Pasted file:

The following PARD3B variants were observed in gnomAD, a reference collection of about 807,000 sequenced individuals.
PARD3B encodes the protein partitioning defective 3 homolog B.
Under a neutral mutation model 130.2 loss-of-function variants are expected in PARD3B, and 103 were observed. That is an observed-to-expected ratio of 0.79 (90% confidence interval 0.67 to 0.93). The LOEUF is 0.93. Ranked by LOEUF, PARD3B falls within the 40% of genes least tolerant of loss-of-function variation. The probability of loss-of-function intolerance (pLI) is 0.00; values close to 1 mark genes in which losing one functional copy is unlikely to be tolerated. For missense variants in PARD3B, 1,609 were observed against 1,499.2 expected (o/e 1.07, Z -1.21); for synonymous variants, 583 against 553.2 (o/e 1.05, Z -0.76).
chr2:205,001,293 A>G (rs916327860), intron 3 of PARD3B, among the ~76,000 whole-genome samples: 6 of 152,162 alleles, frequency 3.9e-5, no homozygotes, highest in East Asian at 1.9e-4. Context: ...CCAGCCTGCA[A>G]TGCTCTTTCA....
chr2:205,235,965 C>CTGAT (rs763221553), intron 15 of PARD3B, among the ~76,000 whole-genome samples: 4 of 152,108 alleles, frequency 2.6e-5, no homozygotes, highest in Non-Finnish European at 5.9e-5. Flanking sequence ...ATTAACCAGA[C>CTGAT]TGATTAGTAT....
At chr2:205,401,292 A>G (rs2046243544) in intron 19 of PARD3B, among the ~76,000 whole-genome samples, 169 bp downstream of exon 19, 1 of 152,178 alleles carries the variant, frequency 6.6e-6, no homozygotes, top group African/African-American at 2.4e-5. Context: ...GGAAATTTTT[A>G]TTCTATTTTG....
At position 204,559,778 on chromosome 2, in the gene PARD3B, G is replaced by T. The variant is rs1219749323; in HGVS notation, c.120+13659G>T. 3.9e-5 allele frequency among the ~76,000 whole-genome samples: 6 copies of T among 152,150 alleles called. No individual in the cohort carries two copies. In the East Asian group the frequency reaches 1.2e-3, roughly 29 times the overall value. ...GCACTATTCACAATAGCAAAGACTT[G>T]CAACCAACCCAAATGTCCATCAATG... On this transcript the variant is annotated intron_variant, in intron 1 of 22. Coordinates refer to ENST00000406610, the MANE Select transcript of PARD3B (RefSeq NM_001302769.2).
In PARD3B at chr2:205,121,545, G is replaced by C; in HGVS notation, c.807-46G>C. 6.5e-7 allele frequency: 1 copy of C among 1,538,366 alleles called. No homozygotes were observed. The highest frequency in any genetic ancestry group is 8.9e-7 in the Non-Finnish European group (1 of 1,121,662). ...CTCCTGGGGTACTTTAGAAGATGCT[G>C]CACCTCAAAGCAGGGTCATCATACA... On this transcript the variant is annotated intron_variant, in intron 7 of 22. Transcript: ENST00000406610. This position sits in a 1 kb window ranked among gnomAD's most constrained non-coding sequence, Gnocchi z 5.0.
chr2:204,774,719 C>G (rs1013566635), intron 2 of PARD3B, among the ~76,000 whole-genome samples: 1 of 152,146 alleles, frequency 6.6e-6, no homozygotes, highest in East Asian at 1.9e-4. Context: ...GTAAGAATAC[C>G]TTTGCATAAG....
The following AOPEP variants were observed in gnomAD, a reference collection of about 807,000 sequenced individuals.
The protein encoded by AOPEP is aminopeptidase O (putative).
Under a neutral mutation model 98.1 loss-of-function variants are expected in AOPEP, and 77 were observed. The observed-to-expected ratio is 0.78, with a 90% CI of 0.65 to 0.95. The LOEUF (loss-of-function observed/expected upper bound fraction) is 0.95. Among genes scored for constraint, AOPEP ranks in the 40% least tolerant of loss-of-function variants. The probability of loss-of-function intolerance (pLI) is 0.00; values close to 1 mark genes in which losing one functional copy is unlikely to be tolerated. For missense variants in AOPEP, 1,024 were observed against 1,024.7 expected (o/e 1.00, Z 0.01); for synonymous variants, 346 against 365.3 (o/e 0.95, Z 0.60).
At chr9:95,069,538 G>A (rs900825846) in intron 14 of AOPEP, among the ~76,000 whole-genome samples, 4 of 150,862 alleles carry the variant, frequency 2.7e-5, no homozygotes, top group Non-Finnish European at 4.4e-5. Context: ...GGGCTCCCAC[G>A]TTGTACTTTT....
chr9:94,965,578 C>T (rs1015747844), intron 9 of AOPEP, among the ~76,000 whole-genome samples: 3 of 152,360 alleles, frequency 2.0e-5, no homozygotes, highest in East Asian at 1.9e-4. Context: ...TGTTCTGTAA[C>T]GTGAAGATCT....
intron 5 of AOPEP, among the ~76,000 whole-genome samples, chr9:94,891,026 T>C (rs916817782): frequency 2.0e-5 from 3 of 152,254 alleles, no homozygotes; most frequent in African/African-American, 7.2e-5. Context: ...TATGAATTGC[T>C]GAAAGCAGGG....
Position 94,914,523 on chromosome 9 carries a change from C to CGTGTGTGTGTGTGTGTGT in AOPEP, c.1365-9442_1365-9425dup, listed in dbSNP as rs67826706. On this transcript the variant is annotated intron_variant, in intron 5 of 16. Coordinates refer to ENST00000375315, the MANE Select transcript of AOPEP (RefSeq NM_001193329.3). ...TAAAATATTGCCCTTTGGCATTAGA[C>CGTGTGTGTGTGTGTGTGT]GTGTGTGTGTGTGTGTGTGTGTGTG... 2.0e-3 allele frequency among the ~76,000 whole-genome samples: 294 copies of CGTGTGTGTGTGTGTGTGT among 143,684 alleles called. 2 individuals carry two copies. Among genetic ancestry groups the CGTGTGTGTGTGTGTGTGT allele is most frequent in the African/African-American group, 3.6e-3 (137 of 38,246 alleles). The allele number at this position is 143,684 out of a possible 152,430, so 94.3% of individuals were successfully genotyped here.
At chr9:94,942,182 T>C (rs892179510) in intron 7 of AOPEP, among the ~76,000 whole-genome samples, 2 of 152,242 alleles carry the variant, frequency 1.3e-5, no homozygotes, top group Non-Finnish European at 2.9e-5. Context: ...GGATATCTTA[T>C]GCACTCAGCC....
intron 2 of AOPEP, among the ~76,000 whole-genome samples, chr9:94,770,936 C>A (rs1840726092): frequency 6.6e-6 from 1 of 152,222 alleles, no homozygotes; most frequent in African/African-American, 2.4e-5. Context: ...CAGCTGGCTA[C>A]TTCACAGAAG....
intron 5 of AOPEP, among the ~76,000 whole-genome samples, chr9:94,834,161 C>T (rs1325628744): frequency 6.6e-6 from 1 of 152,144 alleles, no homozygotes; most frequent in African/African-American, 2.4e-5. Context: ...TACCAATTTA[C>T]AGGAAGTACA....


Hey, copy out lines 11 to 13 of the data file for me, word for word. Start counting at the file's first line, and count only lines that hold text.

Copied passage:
The protein encoded by AOPEP is aminopeptidase O (putative).
Under a neutral mutation model 98.1 loss-of-function variants are expected in AOPEP, and 77 were observed. The observed-to-expected ratio is 0.78, with a 90% CI of 0.65 to 0.95. The LOEUF (loss-of-function observed/expected upper bound fraction) is 0.95. Among genes scored for constraint, AOPEP ranks in the 40% least tolerant of loss-of-function variants. The probability of loss-of-function intolerance (pLI) is 0.00; values close to 1 mark genes in which losing one functional copy is unlikely to be tolerated. For missense variants in AOPEP, 1,024 were observed against 1,024.7 expected (o/e 1.00, Z 0.01); for synonymous variants, 346 against 365.3 (o/e 0.95, Z 0.60).
At chr9:95,069,538 G>A (rs900825846) in intron 14 of AOPEP, among the ~76,000 whole-genome samples, 4 of 150,862 alleles carry the variant, frequency 2.7e-5, no homozygotes, top group Non-Finnish European at 4.4e-5. Context: ...GGGCTCCCAC[G>A]TTGTACTTTT....